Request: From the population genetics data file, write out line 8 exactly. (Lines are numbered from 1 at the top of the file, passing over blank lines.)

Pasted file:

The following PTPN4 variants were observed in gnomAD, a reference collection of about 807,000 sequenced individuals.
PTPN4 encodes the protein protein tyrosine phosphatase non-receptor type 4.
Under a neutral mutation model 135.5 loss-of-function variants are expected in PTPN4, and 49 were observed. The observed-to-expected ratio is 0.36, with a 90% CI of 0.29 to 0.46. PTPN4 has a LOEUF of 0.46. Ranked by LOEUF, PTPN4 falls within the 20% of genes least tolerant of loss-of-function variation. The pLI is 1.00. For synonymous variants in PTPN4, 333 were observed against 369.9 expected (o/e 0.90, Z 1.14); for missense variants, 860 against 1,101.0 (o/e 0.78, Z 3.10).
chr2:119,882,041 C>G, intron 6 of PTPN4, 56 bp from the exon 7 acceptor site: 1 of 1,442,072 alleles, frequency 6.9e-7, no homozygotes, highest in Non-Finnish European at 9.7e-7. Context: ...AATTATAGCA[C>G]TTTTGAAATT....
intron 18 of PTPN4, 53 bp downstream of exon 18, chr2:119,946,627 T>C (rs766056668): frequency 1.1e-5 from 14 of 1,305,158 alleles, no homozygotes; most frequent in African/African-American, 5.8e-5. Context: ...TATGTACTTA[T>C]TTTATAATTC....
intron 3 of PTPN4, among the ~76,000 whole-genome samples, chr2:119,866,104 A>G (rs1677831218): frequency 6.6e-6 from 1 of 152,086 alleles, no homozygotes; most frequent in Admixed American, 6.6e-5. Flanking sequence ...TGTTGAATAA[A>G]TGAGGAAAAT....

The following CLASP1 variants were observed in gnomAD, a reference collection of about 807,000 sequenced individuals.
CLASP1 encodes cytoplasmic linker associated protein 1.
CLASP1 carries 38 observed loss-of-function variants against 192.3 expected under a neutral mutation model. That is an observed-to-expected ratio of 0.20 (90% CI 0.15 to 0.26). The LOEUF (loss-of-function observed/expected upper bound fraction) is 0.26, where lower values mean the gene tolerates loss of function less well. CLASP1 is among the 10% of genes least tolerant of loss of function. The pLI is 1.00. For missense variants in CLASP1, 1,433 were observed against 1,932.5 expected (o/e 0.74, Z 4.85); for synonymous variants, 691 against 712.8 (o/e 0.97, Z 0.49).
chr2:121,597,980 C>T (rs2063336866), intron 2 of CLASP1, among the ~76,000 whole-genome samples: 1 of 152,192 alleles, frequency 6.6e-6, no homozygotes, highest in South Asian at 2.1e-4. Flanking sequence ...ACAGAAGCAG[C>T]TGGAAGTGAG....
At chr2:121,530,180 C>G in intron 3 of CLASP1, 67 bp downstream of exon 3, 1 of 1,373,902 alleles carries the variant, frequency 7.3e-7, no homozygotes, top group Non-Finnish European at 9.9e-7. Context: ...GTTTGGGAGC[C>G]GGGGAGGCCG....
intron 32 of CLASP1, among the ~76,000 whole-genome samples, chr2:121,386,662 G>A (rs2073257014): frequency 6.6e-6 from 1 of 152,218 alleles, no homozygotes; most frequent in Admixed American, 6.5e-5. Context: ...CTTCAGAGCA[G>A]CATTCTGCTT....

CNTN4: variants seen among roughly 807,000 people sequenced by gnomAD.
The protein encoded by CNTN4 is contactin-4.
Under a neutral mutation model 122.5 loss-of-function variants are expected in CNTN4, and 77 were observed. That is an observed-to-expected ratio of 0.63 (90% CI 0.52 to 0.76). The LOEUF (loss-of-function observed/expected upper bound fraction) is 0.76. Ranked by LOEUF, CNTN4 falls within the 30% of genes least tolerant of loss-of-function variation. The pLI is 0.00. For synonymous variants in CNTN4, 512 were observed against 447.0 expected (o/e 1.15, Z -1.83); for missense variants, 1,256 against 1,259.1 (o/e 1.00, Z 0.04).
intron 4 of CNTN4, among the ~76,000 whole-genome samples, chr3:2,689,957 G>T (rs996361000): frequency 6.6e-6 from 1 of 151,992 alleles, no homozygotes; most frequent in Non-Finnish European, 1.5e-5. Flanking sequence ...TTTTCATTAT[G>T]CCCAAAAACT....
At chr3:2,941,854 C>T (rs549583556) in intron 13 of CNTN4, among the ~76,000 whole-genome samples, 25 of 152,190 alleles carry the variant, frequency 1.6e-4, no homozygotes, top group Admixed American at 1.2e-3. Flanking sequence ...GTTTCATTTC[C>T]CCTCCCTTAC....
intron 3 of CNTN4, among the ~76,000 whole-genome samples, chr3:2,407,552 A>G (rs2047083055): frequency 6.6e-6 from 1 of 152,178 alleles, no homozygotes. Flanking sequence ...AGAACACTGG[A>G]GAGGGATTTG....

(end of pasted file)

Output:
CLASP1 encodes cytoplasmic linker associated protein 1.